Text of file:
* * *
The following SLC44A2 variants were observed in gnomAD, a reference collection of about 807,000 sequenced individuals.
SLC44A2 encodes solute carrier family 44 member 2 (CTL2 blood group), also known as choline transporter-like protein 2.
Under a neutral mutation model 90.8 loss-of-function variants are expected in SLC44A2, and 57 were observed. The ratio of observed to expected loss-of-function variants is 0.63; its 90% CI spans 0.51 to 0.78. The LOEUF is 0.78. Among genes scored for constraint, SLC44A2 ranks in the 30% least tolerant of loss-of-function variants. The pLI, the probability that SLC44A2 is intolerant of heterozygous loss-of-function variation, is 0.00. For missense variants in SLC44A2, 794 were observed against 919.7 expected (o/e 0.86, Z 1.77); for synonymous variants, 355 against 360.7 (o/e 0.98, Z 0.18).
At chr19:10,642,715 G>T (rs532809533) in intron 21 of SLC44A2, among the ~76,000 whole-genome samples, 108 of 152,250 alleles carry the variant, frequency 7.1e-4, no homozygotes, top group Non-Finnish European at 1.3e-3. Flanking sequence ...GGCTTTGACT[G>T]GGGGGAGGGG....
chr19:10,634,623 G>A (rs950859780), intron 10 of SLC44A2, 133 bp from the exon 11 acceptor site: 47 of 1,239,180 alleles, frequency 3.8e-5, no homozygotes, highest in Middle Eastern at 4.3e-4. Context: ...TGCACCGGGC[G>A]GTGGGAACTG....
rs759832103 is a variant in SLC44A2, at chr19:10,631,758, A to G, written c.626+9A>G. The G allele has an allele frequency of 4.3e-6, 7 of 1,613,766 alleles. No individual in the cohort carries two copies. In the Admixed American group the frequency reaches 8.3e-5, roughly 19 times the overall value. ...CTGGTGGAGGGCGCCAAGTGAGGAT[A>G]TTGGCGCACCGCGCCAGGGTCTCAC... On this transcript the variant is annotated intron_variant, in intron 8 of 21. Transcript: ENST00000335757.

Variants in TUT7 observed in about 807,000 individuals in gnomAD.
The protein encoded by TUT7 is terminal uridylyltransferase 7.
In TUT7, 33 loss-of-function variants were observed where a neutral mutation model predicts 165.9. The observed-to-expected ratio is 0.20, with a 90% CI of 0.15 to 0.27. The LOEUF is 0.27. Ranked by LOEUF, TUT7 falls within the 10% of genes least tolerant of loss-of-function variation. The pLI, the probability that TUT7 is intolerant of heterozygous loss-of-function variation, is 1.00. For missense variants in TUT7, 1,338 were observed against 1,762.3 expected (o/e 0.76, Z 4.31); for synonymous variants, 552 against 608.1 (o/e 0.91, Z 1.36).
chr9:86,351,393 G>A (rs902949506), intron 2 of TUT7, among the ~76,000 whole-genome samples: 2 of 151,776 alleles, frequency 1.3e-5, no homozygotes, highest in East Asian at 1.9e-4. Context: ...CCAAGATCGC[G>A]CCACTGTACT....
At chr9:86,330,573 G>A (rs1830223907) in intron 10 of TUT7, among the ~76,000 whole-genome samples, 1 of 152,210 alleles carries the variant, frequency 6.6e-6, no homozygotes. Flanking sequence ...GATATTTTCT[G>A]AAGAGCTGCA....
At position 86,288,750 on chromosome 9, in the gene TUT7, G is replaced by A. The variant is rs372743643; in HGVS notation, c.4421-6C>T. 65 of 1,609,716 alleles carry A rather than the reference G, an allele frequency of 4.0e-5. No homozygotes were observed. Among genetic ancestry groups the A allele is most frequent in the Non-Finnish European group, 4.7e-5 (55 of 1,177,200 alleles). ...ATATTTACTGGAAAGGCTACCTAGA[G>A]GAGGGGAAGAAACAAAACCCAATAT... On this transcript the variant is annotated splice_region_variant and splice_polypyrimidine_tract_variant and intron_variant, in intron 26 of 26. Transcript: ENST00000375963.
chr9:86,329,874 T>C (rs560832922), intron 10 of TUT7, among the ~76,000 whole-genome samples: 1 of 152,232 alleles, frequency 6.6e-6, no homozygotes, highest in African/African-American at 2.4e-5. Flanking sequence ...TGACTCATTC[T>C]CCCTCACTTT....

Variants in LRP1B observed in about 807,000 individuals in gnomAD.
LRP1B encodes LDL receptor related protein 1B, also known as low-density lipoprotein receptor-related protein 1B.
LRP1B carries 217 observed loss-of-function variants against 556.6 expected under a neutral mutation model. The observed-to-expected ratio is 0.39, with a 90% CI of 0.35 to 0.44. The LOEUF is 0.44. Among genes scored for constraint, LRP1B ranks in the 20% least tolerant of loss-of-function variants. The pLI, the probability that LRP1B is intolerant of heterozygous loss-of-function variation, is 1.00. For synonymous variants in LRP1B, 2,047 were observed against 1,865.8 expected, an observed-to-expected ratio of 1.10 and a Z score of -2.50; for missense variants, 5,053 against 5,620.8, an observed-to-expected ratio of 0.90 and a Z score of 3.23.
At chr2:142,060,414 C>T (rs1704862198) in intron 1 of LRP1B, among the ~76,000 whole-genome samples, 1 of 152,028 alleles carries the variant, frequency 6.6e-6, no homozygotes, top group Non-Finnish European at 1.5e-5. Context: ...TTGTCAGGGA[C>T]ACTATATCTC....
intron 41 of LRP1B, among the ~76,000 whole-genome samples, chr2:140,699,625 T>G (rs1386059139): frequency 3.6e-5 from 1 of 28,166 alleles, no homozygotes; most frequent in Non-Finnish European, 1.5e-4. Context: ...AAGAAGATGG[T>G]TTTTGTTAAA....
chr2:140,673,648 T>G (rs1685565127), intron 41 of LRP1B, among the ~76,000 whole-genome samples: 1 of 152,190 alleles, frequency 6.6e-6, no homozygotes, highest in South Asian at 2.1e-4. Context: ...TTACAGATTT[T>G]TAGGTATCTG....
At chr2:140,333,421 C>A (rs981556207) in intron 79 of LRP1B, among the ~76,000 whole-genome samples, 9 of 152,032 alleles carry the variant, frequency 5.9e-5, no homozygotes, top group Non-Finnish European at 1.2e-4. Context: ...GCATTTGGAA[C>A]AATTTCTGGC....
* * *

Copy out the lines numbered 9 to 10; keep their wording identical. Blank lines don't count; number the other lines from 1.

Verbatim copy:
In TUT7, 33 loss-of-function variants were observed where a neutral mutation model predicts 165.9. The observed-to-expected ratio is 0.20, with a 90% CI of 0.15 to 0.27. The LOEUF is 0.27. Ranked by LOEUF, TUT7 falls within the 10% of genes least tolerant of loss-of-function variation. The pLI, the probability that TUT7 is intolerant of heterozygous loss-of-function variation, is 1.00. For missense variants in TUT7, 1,338 were observed against 1,762.3 expected (o/e 0.76, Z 4.31); for synonymous variants, 552 against 608.1 (o/e 0.91, Z 1.36).
chr9:86,351,393 G>A (rs902949506), intron 2 of TUT7, among the ~76,000 whole-genome samples: 2 of 151,776 alleles, frequency 1.3e-5, no homozygotes, highest in East Asian at 1.9e-4. Context: ...CCAAGATCGC[G>A]CCACTGTACT....